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Report on increasing HAP rates released soon as pressure mounts on government over homelessness

The number of people who were homeless nationwide in the last week of April was 10,049.

Image: Alamy Stock Photo

RECOMMENDATIONS ON WHETHER the Housing Assistance Payment (HAP) rate should increase are due to go to Housing Minister Darragh O’Brien next month.

It comes as the latest figures from the Department of Housing show that the number of people who were homeless nationwide in the last week of April was 10,049.

This represents a rise of 224 from the 9,825 homeless in March.

It shows a 24% increase in homelessness year-on-year. 

HAP is a form of social housing support for people who have a long-term housing need and is administered by the local authorities, who pay the landlords directly.

The rent being charged for the accommodation must be within the limits for the household type set in each local authority area.  The rates have not changed since 2016.

However, in the midst of an ever-worsening housing crisis, charities and those in opposition have long called for the HAP limits to be increased, with the Taoiseach also telling the Dáil that he is in favour of raising the limit. 

Mike Allen from Focus Ireland told RTÉ’s News at One that that while election promises were made to review the HAP limits, “we still haven’t seen the report, two years later”.

“It’s absolutely imperative,” he said, stating that people are being pushed into arrears, into debt and into homelessness over the inaction.

The Housing Agency has carried out an analysis on behalf of the Department of Housing before Christmas on the HAP discretion level which is available to local authorities.

Flexibility of up to 20% may be provided currently on a case-by-case basis, and 50% in Dublin. 

It is understood the analysis has been presented to the officials in the Department of Housing, but the minister has yet to see the data. 

Recommendations are expected to be made to O’Brien in the next month, it is understood. 

Research carried out by the Simon Community in April found that there were only 80 properties available for people receiving HAP to rent across 16 areas of the country.

For the first quarter of 2022, there was a 92% drop in the number of affordable houses since June 2021, when there were 906 properties available.

Just 80 properties were available across the four HAP categories – single people, couples, couple/single parent plus a child and a couple or single parent with two children.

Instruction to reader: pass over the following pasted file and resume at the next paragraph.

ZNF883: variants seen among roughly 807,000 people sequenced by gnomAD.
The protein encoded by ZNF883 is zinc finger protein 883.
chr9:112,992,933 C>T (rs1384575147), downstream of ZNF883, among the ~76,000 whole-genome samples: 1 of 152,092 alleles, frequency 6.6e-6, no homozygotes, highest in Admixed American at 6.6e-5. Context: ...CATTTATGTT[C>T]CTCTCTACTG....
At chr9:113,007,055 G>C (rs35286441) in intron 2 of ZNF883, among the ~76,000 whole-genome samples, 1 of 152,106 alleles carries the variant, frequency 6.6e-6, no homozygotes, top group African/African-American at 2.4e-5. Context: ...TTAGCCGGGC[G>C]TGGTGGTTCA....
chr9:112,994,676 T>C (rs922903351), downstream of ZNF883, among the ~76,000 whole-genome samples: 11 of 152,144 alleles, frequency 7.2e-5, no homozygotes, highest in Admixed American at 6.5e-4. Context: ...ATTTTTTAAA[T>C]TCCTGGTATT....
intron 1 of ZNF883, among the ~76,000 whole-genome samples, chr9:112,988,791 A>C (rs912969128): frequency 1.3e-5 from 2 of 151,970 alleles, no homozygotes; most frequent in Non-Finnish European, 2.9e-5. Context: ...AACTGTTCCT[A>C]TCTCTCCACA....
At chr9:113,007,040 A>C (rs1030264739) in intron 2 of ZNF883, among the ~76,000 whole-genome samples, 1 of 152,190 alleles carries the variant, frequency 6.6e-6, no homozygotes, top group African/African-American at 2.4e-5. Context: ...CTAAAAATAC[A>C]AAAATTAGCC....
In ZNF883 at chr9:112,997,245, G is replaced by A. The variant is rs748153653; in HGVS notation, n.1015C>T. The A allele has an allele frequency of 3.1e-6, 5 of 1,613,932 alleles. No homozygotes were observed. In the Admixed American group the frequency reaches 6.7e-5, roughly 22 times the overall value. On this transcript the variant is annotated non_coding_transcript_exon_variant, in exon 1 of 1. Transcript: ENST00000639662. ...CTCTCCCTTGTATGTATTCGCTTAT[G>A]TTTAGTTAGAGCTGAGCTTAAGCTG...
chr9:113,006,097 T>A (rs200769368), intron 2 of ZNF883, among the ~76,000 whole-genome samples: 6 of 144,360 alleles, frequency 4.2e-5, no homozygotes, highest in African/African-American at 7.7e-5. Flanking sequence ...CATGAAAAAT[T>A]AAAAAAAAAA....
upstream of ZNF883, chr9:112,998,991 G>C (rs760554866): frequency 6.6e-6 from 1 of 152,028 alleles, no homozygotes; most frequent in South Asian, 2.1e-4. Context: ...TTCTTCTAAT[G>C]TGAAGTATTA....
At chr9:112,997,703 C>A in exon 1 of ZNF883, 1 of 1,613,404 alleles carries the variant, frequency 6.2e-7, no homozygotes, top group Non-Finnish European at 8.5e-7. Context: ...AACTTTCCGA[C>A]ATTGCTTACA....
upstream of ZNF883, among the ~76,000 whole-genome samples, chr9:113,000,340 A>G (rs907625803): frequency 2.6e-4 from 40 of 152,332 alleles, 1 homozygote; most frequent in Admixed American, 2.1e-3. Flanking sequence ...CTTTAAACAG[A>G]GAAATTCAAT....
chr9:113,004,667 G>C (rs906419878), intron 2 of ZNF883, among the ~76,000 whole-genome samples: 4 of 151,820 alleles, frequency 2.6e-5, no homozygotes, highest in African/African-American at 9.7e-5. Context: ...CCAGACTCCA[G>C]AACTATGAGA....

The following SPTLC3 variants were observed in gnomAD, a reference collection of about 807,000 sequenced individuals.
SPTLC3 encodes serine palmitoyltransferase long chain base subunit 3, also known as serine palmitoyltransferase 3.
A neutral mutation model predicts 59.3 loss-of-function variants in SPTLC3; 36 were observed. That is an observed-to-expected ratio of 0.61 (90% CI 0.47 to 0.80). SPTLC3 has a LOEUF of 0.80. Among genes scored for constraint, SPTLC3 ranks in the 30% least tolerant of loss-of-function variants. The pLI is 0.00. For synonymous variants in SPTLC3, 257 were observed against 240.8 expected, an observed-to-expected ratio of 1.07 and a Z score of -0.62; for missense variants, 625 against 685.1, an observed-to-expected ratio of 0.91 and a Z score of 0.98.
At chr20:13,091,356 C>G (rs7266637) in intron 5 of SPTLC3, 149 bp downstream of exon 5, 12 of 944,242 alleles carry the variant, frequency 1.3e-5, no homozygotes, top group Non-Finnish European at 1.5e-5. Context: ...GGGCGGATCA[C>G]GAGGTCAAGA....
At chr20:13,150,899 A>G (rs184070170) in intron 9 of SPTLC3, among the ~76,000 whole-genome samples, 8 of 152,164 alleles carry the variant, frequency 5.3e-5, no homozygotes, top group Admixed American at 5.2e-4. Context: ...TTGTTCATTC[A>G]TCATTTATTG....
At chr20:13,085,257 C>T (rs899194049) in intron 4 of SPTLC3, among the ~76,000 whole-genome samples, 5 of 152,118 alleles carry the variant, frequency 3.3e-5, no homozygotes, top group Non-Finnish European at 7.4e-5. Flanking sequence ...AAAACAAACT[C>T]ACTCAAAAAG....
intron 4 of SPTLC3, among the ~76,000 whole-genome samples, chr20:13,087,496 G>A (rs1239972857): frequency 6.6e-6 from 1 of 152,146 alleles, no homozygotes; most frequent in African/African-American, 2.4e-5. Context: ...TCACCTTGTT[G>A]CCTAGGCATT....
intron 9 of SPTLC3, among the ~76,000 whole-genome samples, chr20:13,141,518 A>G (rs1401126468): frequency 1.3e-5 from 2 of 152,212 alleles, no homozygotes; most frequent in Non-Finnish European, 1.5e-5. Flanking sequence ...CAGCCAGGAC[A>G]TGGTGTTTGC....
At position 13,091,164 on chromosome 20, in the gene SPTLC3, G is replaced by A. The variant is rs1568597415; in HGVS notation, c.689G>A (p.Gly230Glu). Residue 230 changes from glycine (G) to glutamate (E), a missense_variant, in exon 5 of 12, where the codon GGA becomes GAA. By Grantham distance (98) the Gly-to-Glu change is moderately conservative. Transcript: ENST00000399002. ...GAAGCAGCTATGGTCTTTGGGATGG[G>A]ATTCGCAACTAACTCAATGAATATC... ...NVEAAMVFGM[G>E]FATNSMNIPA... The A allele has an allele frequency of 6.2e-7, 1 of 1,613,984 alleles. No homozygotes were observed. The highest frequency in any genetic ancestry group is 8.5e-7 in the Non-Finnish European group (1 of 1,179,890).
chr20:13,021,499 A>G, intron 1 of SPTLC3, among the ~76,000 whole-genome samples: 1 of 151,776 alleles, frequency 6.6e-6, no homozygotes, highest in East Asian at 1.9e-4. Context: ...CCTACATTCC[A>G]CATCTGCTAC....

The figures are particularly stark for single people accessing HAP, with just one property available within standard HAP limits. Adding discretionary HAP limits only added one additional property.

A total of 737 properties were available to rent at any price across the 16 areas, which is a 445% drop from the previous report in December 2021, where there were 1,349 properties on the rental market.

The department states that at the end of Q4 2021, over 100,000 HAP tenancies had been set-up since the scheme commenced, of which there were more than 61,900 households actively in receipt of HAP support and over 33,000 separate landlords and agents providing accommodation to households supported by the scheme.

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A spokesperson for the housing minister said that O’Brien “has been very clear in saying the intention for Government is to shift away from using market subsidies such as the Housing Assistance Payment (HAP) in the long term and to significantly increase our social housing stock”

They stated that the Programme for Government commits to ensuring that HAP levels are adequate to support vulnerable households, while the supply of social housing is increased.

“Under Housing for All, the Department was tasked with undertaking an analytical exercise to examine whether an increase in the level of the 20% discretion available to local authorities under HAP is required, in order to maintain adequate levels of HAP support. The Housing Agency undertook to carry out this analytical exercise on behalf of the Department. The review has been submitted and is undergoing analysis within the Department. Recommendations will be made to the Minister following that analysis, which will conclude shortly.”

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